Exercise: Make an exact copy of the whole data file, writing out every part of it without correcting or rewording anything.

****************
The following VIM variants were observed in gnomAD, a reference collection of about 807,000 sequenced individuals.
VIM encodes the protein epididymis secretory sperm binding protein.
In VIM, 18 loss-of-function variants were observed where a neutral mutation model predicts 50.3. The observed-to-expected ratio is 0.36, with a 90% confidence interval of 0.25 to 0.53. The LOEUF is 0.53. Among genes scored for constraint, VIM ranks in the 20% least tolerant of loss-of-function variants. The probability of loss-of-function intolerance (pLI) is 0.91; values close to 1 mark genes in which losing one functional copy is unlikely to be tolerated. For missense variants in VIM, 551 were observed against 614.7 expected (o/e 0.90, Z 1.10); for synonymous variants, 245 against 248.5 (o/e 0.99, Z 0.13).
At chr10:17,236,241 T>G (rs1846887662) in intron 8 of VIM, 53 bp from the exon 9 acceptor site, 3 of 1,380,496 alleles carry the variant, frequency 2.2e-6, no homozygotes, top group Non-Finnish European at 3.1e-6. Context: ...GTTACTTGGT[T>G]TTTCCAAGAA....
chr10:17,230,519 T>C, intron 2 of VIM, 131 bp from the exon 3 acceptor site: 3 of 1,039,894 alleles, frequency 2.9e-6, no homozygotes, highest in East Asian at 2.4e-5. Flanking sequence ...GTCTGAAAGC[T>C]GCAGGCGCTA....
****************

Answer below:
The following VIM variants were observed in gnomAD, a reference collection of about 807,000 sequenced individuals.
VIM encodes the protein epididymis secretory sperm binding protein.
In VIM, 18 loss-of-function variants were observed where a neutral mutation model predicts 50.3. The observed-to-expected ratio is 0.36, with a 90% confidence interval of 0.25 to 0.53. The LOEUF is 0.53. Among genes scored for constraint, VIM ranks in the 20% least tolerant of loss-of-function variants. The probability of loss-of-function intolerance (pLI) is 0.91; values close to 1 mark genes in which losing one functional copy is unlikely to be tolerated. For missense variants in VIM, 551 were observed against 614.7 expected (o/e 0.90, Z 1.10); for synonymous variants, 245 against 248.5 (o/e 0.99, Z 0.13).
At chr10:17,236,241 T>G (rs1846887662) in intron 8 of VIM, 53 bp from the exon 9 acceptor site, 3 of 1,380,496 alleles carry the variant, frequency 2.2e-6, no homozygotes, top group Non-Finnish European at 3.1e-6. Context: ...GTTACTTGGT[T>G]TTTCCAAGAA....
chr10:17,230,519 T>C, intron 2 of VIM, 131 bp from the exon 3 acceptor site: 3 of 1,039,894 alleles, frequency 2.9e-6, no homozygotes, highest in East Asian at 2.4e-5. Flanking sequence ...GTCTGAAAGC[T>C]GCAGGCGCTA....